Sonata in C major, “rites of spring”

Spring cleaning comes when I just can’t take it anymore. All the cobwebs we haven’t seen, the dust, the feeling the whole house smells. Everything needs to be taken apart and blown out.

A half pot of coffee followed by aggressive vacuuming, mopping — stopping to take apart the panel above the microwave with the plastic fins that get discolored and oily, catch animal hair, become furry.

The panel was stained the color of curry powder, a kind of yellow/green, with a tinge of orange — but the tiny screws were stuck in place by god knows what, and it took many failed revolutions of the cheap, store-bought screwdriver set to get it undone. Behind the panel, a brown stain somewhere between a liquid and solid state like syrup, demanding instant removal.

And then it was time to scrub down the range and remove every spot, which takes real focus. They don’t all come out, it’s like hubris: you have to leave a few imperfections to remind yourself you’re mortal.

I took all the objects off the bookshelves in order, from top to bottom. I removed the plants from the window sills and ganged them together in the shower, sprayed down the leaves, let them sit alone in silence.

It’s funny but whenever my mom comes to visit, Dawn threatens to clean, like it’s something she knows she should do, and by the sheer act of saying it it becomes a reality.

The annual Easter egg hunt in our back yard serves as a forcing function too, to clean up the dog poop but it’s imperfect, and always leaves me nervous the kids will track it in.

Dawn placed 96 plastic eggs about the yard for four kids to find (ages 13 – 7), and it was the 10-year-old Charlotte who claimed 48, was asked to divvy up the rest out of fairness.

In the morning Dawn asked if I was going to church (I didn’t know it was option), then sounded glad I wasn’t, so I could stay home and sign the cards, put out the baskets.

I drove to the store and bought a chicken, roamed the aisles, picked out some flowers…and it was misty-cool but decidedly spring: somehow on Easter Sunday it’s like the whole world seems to sing. Whether you go to church or not, that’s what it feels like to me.

About pinklightsabre

William Pearse publishes memoir, travel journals, poetry and prose, and lives in the Pacific Northwest.
This entry was posted in humor, Memoir, parenting, writing and tagged , , , , , , , , . Bookmark the permalink.

16 Responses to Sonata in C major, “rites of spring”

  1. Tish Farrell says:

    Bravo on the cleaning front. Putting the plants in the shower is a nice touch. And now all the gunk has been removed, here’s wishing you a happy spring. I’m assuming it’s actually arrived at your side of the planet.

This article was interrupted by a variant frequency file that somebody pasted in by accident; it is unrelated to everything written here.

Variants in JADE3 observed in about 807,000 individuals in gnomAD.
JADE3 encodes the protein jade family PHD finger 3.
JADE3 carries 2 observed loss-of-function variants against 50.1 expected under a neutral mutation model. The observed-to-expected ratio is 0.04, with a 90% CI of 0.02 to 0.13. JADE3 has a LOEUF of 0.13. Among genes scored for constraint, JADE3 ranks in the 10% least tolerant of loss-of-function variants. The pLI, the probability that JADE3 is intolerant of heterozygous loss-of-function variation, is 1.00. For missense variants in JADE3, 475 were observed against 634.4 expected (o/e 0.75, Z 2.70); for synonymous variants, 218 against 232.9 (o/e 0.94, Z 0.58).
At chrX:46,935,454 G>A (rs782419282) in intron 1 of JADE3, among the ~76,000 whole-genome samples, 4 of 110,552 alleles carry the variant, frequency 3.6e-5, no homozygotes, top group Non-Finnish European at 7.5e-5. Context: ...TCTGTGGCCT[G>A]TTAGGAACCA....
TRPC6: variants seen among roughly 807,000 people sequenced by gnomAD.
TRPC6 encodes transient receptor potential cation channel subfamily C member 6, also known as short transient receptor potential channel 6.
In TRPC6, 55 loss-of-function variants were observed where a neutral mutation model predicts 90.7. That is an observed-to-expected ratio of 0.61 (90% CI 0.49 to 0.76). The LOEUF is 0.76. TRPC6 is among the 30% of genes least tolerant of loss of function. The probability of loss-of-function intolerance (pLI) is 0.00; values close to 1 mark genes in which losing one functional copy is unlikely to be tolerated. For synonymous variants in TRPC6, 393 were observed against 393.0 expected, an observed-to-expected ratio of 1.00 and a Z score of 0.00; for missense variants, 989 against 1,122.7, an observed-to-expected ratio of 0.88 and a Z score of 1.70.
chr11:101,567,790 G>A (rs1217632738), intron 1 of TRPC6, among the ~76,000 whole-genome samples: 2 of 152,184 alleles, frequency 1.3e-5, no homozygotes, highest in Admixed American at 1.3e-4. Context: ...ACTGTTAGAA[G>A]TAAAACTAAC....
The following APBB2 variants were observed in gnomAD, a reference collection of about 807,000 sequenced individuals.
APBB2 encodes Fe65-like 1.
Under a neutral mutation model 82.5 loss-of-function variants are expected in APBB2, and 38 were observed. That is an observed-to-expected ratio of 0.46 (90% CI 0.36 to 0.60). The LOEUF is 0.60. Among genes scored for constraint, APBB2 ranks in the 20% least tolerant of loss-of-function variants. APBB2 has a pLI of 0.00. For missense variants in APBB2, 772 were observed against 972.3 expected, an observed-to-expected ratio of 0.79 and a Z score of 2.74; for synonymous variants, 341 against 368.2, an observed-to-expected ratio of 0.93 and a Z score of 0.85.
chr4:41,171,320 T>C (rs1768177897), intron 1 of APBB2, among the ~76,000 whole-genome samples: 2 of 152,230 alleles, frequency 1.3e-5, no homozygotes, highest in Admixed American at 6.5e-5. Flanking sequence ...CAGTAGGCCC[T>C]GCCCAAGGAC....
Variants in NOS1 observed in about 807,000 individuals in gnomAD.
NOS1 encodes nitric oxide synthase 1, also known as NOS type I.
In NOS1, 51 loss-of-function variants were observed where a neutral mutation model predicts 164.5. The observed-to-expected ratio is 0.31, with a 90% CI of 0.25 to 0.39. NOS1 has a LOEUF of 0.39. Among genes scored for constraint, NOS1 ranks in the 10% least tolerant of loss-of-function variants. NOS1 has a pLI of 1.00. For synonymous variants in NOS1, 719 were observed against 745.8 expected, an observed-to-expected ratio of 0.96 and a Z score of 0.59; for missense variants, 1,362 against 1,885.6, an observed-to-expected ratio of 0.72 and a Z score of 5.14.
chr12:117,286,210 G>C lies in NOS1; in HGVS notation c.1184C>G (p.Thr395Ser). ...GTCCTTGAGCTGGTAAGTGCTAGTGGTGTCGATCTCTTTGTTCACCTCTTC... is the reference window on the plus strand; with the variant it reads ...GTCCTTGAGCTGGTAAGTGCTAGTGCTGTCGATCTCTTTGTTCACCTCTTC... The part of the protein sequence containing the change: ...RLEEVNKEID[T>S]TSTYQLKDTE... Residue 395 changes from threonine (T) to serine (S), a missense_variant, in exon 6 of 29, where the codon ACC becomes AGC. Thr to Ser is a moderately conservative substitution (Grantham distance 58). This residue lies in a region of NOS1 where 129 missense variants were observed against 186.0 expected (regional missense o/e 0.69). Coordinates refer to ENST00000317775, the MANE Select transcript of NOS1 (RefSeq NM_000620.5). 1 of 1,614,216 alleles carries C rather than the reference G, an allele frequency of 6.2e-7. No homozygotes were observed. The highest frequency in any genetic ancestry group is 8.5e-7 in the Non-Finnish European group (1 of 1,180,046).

Liked by 1 person

  2. Dust to dust. We live in a dusty area, and I hate seeing it floating in a beam of sunlight and knowing we’re breathing all that stuff in! Why hasn’t technology solved the dust problem yet?!

    I’m curious: why 96 eggs and not an even 100? 🐣

    Liked by 1 person

  3. ksbeth says:

    even the chicken was singing a little ditty…

    Liked by 1 person

  4. I always go to church on Easter. It’s my favorite gospel reading. ‘He rose from the dead but only made himself visible to us, his apostles.’ Well, that’s inconvenient. He could’ve saved the world a lot of agony and war if He’d made himself visible to ALL. That passage and the “virgin” birth are the ones that fill me with the most doubt.

    That last paragraph is smacking good.

    Like

    • pinklightsabre says:

      I just stopped going on Easter because I don’t want to appear an impostor. That feels slimy just saying that, perhaps the true me. We have ways to rationalize things.

      Like

  5. Lynn Love says:

    What is that solid/syrupy stuff that gathers? I try not to think too hard, as its clear the rest of whatever caused it has fed us over weeks. Whatever, you describe it perfectly. Your Easter Sunday sounds good – clean, fresh, chilled. A new start with the spring. We’re still shifting between spring and winter here, praying for some extended sunshine.

    Like

  6. rossmurray1 says:

    Divvy them up? After all her hard work? Socialism!
    My wife still does a backyard hunt for our kids – ages 16-26. I suspect they feel as sheepish about it as I do, but chocolate…

    Liked by 1 person

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